Recent Developments at the Heartland Institute

This Valentine’s Day, one of the most vocal lobby groups attacking the science of climate change had its internal documents leaked to the public – exposing its sources of funding, secret projects, strategies, and goals for the world to see.

Manufacturing Doubt

You’re probably aware of the influences of corporate-funded lobby groups on social issues. They seek to bring down public health insurance, lower taxes for the wealthy, and prevent environmental regulation. They publish advertisements, print op-eds, and meet with politicians, all in an attempt to advance a free-market agenda. More often than not, they’re backed by corporate interests – pharmaceutical companies, tobacco firms, and the oil industry, to name a few.

You might question the fairness of allowing certain people to amplify their voices simply because they have more money, but at least these lobby groups are spreading around legitimate ideas. Everyone’s entitled to their own opinion on matters of public policy, and nobody can be “right” or “wrong”. However, on matters of science, there is a physical reality out there, so people can be wrong. Try arguing that your incorrect answer on a physics assignment deserves full marks, because it represents your personal opinion on the photoelectric effect. You probably won’t get very far.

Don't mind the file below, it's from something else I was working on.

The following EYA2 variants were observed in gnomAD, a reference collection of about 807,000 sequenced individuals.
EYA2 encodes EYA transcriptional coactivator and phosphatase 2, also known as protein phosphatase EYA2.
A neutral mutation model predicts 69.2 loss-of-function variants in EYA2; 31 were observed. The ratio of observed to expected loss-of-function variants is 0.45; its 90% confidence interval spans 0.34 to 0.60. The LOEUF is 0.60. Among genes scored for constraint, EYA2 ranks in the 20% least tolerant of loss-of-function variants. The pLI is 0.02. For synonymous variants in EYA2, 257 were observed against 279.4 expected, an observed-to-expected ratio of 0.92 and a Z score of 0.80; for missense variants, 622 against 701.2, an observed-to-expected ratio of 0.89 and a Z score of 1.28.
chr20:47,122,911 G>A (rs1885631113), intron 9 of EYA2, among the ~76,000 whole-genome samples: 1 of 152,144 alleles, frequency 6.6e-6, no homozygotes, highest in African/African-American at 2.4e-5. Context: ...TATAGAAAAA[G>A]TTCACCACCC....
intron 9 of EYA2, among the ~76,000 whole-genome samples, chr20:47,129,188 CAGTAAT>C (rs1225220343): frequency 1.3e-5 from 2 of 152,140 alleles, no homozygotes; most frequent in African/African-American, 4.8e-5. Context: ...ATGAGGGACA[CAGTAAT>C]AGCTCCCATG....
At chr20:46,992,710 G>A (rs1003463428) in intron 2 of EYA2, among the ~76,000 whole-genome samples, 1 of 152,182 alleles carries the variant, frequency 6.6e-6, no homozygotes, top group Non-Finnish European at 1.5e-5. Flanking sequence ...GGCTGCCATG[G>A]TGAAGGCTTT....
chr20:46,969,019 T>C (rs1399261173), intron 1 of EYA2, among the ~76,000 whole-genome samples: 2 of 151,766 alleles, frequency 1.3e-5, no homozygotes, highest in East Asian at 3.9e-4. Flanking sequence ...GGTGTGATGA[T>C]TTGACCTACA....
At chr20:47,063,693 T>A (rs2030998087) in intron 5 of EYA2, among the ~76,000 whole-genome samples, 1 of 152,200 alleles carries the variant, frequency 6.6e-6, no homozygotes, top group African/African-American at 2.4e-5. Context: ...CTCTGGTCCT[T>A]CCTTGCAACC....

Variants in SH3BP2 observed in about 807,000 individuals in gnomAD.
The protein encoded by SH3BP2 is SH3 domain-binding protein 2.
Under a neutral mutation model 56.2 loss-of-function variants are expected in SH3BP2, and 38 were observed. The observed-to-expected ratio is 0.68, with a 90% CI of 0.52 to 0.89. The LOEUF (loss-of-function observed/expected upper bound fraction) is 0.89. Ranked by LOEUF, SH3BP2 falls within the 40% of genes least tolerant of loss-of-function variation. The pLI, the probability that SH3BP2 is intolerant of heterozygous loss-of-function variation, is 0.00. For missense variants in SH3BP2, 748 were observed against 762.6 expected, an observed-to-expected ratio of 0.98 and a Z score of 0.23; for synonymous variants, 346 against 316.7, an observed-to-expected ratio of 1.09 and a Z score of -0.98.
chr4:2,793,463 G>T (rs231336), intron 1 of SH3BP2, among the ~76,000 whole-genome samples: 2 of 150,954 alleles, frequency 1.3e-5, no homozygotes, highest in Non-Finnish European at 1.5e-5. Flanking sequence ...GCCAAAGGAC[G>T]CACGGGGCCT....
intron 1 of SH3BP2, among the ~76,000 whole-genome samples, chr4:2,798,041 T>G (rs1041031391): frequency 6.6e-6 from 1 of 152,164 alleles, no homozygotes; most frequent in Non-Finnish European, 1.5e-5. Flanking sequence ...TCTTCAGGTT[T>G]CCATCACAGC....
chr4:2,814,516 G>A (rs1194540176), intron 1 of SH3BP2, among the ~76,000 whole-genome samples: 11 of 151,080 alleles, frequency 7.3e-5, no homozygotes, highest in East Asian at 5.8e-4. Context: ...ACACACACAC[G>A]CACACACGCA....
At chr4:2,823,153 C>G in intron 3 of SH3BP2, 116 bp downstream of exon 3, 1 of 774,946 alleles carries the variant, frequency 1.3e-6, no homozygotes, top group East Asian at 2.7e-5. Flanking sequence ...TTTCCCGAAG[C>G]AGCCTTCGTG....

Unfortunately, certain lobby groups have a long history of promoting blatant falsehoods about areas of science that threaten their free-market fundamentalism. Everything from the harmful health effects of smoking to the causes of acid rain to the consequences of the pesticide DDT has been attacked by these groups. The strategy has been the same every time: repeat long-debunked myths ad nauseum, overemphasize uncertainty, and question the integrity of scientists studying the issue.

Human-caused climate change is currently the most fashionable scientific phenomenon to deny. Although 97-98% of climate scientists agree that humans are causing the Earth to warm, public acceptance lags far behind, and is heavily split along political lines. Scientists have investigated and ruled out every conceivable alternative hypothesis for global warming – so why aren’t their conclusions reaching the public? The answer is that other influences are getting in the way, muddying the message for their own financial and ideological benefit.

The Front-Runner

In recent years, the Chicago-based Heartland Institute has led the way in this crusade against climate science. Their communication style seems to be “quantity, not quality”: whatever rumour currently claims to disprove global warming will be picked up and amplified by the Heartland Institute, whether or not it contradicts previous statements from the organization. For example, they will frequently claim in the same document that 1) the world is cooling and 2) global warming is caused by the sun. Logically, you can’t have it both ways. However, doubt, not logic, is the goal here – if a message casts doubt on the scientific consensus, it qualifies for the Heartland newsletter.

This lobby group’s extreme conservative agenda is apparent in paranoid overtones about socialist conspiracies and bigger government. “If AGW [anthropogenic global warming] is true,” they write, “then stopping or preventing it requires higher taxes, more income redistribution, more wilderness preservation, more regulations on corporations, ‘smart growth,’ subsidies for renewable energy, and on and on…[we] ‘looked under the hood’ and concluded concern over the possibility of catastrophic global warming was being manufactured to advance a political agenda.”